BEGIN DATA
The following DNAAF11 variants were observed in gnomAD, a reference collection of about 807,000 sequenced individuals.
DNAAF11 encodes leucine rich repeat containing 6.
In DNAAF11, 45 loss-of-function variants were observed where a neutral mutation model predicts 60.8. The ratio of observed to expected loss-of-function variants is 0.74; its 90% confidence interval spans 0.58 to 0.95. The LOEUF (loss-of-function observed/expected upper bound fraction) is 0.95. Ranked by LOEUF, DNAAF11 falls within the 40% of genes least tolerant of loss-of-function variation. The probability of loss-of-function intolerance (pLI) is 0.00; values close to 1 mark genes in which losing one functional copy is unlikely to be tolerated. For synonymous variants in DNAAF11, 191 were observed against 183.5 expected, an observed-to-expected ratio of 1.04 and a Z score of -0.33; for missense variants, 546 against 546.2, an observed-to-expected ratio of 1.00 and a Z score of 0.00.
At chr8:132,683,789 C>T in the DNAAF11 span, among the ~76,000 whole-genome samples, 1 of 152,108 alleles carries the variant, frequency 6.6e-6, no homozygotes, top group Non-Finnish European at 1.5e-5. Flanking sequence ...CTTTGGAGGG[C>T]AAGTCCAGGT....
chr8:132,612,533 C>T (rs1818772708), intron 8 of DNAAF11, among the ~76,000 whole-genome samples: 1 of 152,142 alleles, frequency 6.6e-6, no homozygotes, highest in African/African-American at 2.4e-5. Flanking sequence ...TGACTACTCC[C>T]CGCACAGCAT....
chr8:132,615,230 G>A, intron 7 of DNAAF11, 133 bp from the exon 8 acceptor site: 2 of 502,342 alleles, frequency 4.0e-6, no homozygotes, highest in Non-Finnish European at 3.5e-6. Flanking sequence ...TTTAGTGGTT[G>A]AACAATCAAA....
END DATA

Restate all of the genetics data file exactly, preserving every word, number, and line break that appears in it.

The following DNAAF11 variants were observed in gnomAD, a reference collection of about 807,000 sequenced individuals.
DNAAF11 encodes leucine rich repeat containing 6.
In DNAAF11, 45 loss-of-function variants were observed where a neutral mutation model predicts 60.8. The ratio of observed to expected loss-of-function variants is 0.74; its 90% confidence interval spans 0.58 to 0.95. The LOEUF (loss-of-function observed/expected upper bound fraction) is 0.95. Ranked by LOEUF, DNAAF11 falls within the 40% of genes least tolerant of loss-of-function variation. The probability of loss-of-function intolerance (pLI) is 0.00; values close to 1 mark genes in which losing one functional copy is unlikely to be tolerated. For synonymous variants in DNAAF11, 191 were observed against 183.5 expected, an observed-to-expected ratio of 1.04 and a Z score of -0.33; for missense variants, 546 against 546.2, an observed-to-expected ratio of 1.00 and a Z score of 0.00.
At chr8:132,683,789 C>T in the DNAAF11 span, among the ~76,000 whole-genome samples, 1 of 152,108 alleles carries the variant, frequency 6.6e-6, no homozygotes, top group Non-Finnish European at 1.5e-5. Flanking sequence ...CTTTGGAGGG[C>T]AAGTCCAGGT....
chr8:132,612,533 C>T (rs1818772708), intron 8 of DNAAF11, among the ~76,000 whole-genome samples: 1 of 152,142 alleles, frequency 6.6e-6, no homozygotes, highest in African/African-American at 2.4e-5. Flanking sequence ...TGACTACTCC[C>T]CGCACAGCAT....
chr8:132,615,230 G>A, intron 7 of DNAAF11, 133 bp from the exon 8 acceptor site: 2 of 502,342 alleles, frequency 4.0e-6, no homozygotes, highest in Non-Finnish European at 3.5e-6. Flanking sequence ...TTTAGTGGTT[G>A]AACAATCAAA....